October Surprise

To see the roots of Halloween, we must reach far back 2,000 years to the ancient Celtic festival known as Samhain. The Celts, led by their priests known as druids, celebrated the new year on November 1. This celebration marked the end of the harvest and began winter. Winter was often associated with death, and the Celts believed that on the night before the new year, the borders between the worlds of the living and the dead became blurred and ghosts were able to return to the earth for that day. In order to confuse ghosts so that they could not recognize people, they wear masks when they left their homes after dark, hoping that the ghosts would think they were simply other ghosts! In order to keep them away from their houses, people would place bowls of food outside their homes to appease the ghosts and prevent them from attempting to enter.

800 years or so later, Pope Boniface IV declared November 1 to be All Saints Day, a day for Catholics to honor martyrs and saints. He called that day of observation "All-hallows," and so it was natural for the day before, Samhain, to be commonly called "All-hallows Eve" which was eventually morphed into the current "Halloween." We celebrate Halloween on October 31.

October 1 is World Vegetarian Day. It was first celebrated in 1977, "to promote the joy, compassion and life-enhancing possibilities of vegetarianism." Over and over, studies have shown that a diet filled with fruits and vegetables is good for our health. While some vegetarians have embarked upon the vegetarian path for their health, others do so due to their moral or ethical conviction that they should not eat animals.

By definition, a vegetarian does not eat meat. There are varying forms of vegetarianism. Vegans, for example, subscribe to a lifestyle that excludes the use of animals for food or clothing, or any animal byproduct, including beeswax, leather, honey, wool, or silk. Many vegetarians are animal rights advocates. Semi-vegetarians, on the other hand, eat mostly vegetarian foods, but they may also eat fish and poultry, as well as milk and eggs.

October 13 is International Skeptics Day. To be honest, it is also celebrated by some on January 13. And still others celebrate it on the first Friday the 13th of the year. There is enough to be skeptical about that you could celebrate all of those dates! Just for starters, there's Thomas, who doubted that Jesus Christ had risen from the tomb. Then there's the whole moon landing bruhaha, and there are those who doubt creationism while on the other side of the coin, those who doubt evolution. And last, but certainly not least, is the ever-growing cadre of skeptics about global warming.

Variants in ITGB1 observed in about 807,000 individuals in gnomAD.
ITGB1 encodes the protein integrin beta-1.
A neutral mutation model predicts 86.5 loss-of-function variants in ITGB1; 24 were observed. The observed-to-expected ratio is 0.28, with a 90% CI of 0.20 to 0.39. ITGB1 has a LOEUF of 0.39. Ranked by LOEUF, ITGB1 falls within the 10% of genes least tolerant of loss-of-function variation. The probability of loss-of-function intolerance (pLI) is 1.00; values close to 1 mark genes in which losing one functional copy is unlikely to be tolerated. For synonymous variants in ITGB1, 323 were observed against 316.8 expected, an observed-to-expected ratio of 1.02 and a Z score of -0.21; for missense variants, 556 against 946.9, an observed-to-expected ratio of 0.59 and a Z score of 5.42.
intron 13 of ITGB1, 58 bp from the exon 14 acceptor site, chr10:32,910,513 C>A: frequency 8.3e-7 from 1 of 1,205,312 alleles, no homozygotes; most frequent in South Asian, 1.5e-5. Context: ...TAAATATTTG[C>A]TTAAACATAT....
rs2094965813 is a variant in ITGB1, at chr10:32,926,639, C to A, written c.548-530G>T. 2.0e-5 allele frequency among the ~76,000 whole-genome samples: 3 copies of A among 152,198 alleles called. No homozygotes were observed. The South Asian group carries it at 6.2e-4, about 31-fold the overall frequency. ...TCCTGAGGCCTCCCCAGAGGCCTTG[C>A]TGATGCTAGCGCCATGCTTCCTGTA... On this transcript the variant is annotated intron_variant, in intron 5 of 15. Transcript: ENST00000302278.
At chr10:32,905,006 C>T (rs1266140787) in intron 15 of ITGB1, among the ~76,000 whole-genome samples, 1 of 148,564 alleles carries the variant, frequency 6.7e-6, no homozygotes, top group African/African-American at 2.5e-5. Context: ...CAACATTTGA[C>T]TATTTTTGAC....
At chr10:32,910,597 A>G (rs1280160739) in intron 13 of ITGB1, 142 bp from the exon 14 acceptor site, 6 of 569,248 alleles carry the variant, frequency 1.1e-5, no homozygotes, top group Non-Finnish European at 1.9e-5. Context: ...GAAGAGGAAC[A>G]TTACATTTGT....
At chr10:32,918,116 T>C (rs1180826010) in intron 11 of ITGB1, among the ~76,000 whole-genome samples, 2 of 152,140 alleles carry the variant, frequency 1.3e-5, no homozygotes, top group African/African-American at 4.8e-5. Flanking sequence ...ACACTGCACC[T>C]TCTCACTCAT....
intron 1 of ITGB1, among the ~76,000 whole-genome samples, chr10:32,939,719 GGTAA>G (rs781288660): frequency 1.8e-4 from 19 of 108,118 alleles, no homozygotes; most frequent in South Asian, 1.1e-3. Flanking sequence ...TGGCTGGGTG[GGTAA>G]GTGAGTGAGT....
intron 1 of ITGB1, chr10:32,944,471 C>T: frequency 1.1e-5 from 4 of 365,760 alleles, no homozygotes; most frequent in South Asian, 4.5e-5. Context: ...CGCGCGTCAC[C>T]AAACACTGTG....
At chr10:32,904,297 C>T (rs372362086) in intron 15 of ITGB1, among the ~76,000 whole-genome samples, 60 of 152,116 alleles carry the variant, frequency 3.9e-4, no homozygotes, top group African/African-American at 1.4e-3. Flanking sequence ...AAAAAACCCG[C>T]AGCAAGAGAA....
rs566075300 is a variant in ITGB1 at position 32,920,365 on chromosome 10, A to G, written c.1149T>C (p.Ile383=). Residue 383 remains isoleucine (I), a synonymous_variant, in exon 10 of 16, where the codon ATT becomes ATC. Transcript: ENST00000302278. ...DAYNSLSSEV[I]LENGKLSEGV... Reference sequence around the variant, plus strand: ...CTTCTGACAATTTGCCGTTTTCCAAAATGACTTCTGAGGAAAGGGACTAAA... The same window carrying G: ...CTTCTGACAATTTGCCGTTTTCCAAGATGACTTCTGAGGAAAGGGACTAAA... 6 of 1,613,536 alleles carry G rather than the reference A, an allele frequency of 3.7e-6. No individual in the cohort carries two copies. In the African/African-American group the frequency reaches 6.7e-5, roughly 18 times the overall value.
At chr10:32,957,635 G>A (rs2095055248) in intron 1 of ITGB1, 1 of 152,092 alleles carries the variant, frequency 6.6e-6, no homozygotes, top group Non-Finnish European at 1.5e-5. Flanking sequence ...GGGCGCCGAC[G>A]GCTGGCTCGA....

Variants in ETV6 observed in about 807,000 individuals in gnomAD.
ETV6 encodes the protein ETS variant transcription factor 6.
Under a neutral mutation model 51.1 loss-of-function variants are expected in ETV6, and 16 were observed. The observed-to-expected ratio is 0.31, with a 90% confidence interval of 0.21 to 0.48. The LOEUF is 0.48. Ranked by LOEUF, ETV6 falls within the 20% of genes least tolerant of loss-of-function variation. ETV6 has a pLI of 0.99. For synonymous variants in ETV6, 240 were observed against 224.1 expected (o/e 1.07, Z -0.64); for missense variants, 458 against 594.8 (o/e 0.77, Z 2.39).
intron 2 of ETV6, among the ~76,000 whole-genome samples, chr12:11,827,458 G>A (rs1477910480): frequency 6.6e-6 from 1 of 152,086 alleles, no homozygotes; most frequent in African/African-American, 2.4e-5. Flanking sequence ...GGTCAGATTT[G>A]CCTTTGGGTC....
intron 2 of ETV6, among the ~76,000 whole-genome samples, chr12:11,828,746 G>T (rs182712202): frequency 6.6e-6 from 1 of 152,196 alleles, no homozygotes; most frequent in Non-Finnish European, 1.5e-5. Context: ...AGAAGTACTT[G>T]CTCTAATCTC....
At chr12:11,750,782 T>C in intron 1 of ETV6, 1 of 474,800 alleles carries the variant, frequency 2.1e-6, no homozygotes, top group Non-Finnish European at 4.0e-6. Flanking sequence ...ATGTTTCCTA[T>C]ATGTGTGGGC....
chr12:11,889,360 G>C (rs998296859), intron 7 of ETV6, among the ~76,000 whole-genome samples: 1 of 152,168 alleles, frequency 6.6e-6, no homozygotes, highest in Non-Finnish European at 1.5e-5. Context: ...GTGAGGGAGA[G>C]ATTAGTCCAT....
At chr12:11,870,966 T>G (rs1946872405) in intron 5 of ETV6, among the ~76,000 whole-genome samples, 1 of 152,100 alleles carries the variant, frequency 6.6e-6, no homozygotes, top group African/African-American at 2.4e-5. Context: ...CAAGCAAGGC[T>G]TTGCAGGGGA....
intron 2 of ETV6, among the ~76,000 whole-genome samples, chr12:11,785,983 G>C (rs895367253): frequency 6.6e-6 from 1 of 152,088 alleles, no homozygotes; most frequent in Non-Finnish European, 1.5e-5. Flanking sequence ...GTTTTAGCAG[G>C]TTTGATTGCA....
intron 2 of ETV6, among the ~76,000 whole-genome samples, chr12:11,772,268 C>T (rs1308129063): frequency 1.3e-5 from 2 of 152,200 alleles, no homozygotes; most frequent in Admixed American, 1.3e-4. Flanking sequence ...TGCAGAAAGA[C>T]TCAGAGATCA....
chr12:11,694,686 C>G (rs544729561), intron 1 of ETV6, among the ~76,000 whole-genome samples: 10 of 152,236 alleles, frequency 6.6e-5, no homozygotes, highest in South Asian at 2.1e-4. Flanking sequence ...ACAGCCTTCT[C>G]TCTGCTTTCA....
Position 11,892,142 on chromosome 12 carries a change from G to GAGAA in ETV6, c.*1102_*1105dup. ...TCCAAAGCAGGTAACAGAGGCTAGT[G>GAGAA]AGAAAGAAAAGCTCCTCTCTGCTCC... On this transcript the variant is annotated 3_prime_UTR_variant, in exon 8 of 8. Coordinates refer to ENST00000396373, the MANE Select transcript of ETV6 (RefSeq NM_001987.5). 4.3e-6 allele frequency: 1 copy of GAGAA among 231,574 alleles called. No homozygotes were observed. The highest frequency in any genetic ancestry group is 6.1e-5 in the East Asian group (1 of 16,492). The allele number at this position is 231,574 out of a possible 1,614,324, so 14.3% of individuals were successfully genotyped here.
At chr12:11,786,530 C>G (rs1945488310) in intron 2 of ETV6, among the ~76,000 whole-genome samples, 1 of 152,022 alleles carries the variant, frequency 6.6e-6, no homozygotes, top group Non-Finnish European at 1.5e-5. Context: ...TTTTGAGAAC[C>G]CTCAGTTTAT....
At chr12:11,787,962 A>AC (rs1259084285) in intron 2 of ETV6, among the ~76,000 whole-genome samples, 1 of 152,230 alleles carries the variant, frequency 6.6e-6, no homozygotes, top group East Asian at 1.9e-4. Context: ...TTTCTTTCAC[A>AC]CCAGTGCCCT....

The Wall Street Crash of 1929 occurred in a series of black days in October. Black Thursday, October 24, was the day the crash actually occurred, but Black Monday and Black Tuesday (the 28th and 29th) were the days when panic took hold, and began the domino reaction which plunged the Street into lower and lower chaos for a month, and led to the Great Depression. Many people, when they think of the Crash, have visual images of people jumping out of windows as a result of losing their fortunes. That apparently was not the case. The suicide rate for the end of October 1929 was actually lower than much of the rest of the year.

October 1, 1903 was the first day of the first game of the first modern World Series. The Boston Americans (who later became the Red Sox) played the Pittsburgh Pirates with Boston winning 5 games to 3. On the same day in 1961, Roger Maris slammed his sixty-first home run of the season into the stands, breaking Babe Ruth's record of 60 home runs in a single season. That record, at the center of a decades-long dispute, was finally broken in 1998 by leap-frogging Mark McGwire and Sammy Sosa, within days of one another in September 1998. In 2001, Barry Bonds broke McGwire's record by hitting seventy-three homers.

October 17, 1989, was the third day of that year's World Series. Dubbed "Bay Ball" by the press, the San Francisco Giants and the Oakland Athletics, from across the San Francisco Bay, were scheduled to play at Candlestick Park.

The Loma Prieta earthquake, however, changed all that and caused a 10-day delay between game 2 and game 3 of the Series. The quake, measuring 7.1 on the Richter scale, struck the area at 5:04 pm, just as many people were leaving work. Because of the fact that the cameras were set up to film the baseball game, this was the first time a major earthquake in the U.S. was broadcast by live TV. Sixty-three people were killed and 3,757 people were injured, and about 12,000 were homeless following the shaker. The eventual winners of the World Series, the Oakland A's, did not celebrate their win with champagne out of respect for the quake victims.

People who died in the month of October in years past include Janis Joplin, Bette Davis, Edgar Allen Poe, Orson Wells, Robert E. Lee, Gene Roddenberry, and Harry Houdini.

Additional resources for the month of October:

  • Halloween.com - On the web since 1994, this site covers everything Halloween, including its history, safety, haunted house finder, a Christian perspective on the celebration, and Halloween surveys.
  • Spartacus: Wall Street Crash - An in-depth look at the days and events leading up to the crash, the crash itself, and its consequences on the economy into the next decade.
  • US Geological Society: October 17, 1989 Loma Prieta Earthquake - Provides information, ground motion simulations, maps, professional papers on the topic, and links to other pertinent sites.
  • MLB.com: World Series History - Contains an overview and history of this annual event, and statistics from every Series since 1903.